know your springshed
Silver Glen Springs
When I was young my parents took us kids to Silver Springs where we rode on one of the iconic glass-bottom boats. We learned from our tour guide that the water pouring out of the spring came underground all the way from the Smokey Mountains of North Carolina. Of course he was dead wrong, but along with just about everybody else, I believed this for some years. Many people still do.
This persistent myth shows that people had a sense that Silver Springs had a watershed, where rainfall gathered and began its underground journey to the spring. We now have a more realistic, if less romantic, view of spring watersheds. We know that it is local rainfall, not water from a far-away Shangri-La, which nourishes our springs.
I first heard the word springshed from Jim Stevenson of the FDEP, that great crusader for spring protection. I grew to like Jim’s new word because it highlights the important distinction between surface (watershed) and underground (springshed) drainage systems. And, more importantly, it underscores the intimate connection between a spring and the area it drains, the paramount concept behind spring protection. You protect springs by protecting their springshed.
A springshed, or spring recharge basin, is the area of land that gathers the rainwater that discharges from a spring. The concept is simple, but the actual delineation of a springshed is usually not, for several reasons.
First, the necessary information may not be sufficient for an accurate delineation. The most basic tools are groundwater level and potentiometric surface maps, which show the direction water flows underground. These maps are based on the measurements of the water surface in wells. In many sparsely populated areas there are so few wells that the maps lack detail, making springshed boundary mapping problematic. It would be like trying to produce a conventional contour map of an entire county with just a few elevation measurements. This site details the process whereby the USGS estimated several springshed boundaries in north central Florida, including Silver Glen Spring.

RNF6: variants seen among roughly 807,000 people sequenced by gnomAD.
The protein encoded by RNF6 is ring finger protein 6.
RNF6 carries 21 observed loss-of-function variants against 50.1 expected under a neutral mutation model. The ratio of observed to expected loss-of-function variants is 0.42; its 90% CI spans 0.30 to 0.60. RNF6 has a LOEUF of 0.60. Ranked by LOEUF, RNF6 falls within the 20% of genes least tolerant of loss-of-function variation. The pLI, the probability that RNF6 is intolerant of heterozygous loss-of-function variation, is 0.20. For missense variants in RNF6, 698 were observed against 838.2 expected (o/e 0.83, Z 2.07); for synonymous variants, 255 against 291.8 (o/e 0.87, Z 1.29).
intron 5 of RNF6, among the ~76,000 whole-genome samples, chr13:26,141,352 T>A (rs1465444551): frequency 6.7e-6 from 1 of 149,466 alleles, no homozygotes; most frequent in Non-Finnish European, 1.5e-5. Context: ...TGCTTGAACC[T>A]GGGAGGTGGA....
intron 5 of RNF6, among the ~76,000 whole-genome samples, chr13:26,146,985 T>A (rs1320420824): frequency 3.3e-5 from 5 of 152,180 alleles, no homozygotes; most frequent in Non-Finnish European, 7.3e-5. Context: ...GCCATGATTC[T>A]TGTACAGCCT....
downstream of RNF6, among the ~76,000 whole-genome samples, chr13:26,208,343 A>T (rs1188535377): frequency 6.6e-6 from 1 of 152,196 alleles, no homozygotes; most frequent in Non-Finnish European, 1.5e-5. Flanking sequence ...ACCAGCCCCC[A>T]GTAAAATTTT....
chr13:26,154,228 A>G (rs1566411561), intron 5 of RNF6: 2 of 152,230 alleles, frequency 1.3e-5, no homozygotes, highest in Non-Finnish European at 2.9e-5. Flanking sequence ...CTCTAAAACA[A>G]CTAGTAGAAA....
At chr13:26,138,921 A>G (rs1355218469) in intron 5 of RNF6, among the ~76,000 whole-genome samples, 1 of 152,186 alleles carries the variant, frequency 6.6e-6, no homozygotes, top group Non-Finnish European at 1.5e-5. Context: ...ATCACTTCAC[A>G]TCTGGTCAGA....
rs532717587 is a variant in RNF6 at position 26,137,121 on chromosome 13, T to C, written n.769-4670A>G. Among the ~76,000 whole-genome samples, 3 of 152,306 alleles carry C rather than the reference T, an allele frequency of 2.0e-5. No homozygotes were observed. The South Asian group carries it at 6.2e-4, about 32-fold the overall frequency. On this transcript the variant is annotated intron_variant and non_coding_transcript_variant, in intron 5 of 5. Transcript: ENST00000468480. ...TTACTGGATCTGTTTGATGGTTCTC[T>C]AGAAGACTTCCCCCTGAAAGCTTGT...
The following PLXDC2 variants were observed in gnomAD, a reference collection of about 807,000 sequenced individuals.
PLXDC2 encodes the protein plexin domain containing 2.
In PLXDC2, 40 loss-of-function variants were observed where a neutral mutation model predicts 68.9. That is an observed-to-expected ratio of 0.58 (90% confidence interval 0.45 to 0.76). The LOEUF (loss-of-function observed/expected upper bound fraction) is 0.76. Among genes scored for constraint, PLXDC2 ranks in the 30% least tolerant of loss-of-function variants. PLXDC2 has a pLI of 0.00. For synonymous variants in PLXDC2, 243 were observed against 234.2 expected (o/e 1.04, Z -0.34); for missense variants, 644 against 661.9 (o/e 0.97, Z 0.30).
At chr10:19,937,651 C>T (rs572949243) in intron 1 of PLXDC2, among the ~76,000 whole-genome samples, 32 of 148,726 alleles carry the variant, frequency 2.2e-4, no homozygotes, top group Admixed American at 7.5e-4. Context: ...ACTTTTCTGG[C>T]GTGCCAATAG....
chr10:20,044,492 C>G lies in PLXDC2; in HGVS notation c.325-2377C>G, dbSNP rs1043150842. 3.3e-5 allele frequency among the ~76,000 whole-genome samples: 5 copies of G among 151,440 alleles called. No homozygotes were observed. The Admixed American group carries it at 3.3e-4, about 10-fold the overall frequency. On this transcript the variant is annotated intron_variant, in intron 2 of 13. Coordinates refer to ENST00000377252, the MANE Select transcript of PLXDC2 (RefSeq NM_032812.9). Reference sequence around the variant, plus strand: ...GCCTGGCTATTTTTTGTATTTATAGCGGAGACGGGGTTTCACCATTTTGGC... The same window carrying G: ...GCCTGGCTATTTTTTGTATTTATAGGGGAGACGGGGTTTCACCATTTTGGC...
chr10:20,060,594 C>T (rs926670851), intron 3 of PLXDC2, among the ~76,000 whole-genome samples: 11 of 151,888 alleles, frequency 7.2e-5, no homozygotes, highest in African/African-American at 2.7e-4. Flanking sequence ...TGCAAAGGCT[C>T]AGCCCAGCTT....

Second, springshed boundaries are not static, and change with season, climate, variations in regional rainfall, and groundwater pumping. For example, the massive groundwater pumping in northeast Florida (Jacksonville and Fernandina) is reported to have shifted the regional groundwater divide, between the St. Johns and Suwannee River Water Management Districts, many miles to the west.
Third, groundwater divides may not coincide with surface water divides, complicating the reckoning of where surface water goes once it makes its way underground. Dye trace studies in Missouri have shown that underground streams can flow under hills and valleys and emerge, quite surprisingly, in distant watersheds.
The upshot of all this is that the farther we travel from a spring towards the springshed boundaries the less certain we are of our science; the interior of the basin is predictable, but, because the edges are difficult to identify, we are less sure of what is really going on out there.
The uncertainty of springshed boundaries matters because it complicates land use planning for water supply and water quality protection. The drying up of White Sulfur Spring on the Suwannee River is a case in point.
Historically, this was a perennial spring, but in the 1990’s it began to falter and now does not flow at all. There are two prime suspects; Jacksonville and its groundwater pumping and the Occidental Corporation’s giant Suwannee River phosphate mining operation. As mentioned above, the groundwater divide has shifted west to the vicinity of the spring, and the timing of this shift seems to coincide with the spring’s demise. But, has Jacksonville’s pumping, fifty miles to the east, dried up the spring, or have groundwater withdrawals at the nearby Occidental mine, just a few miles to the west, done the spring in? Do both entities share the blame? Scientists are studying the problem, but the issue is confounded by springshed margin uncertainty.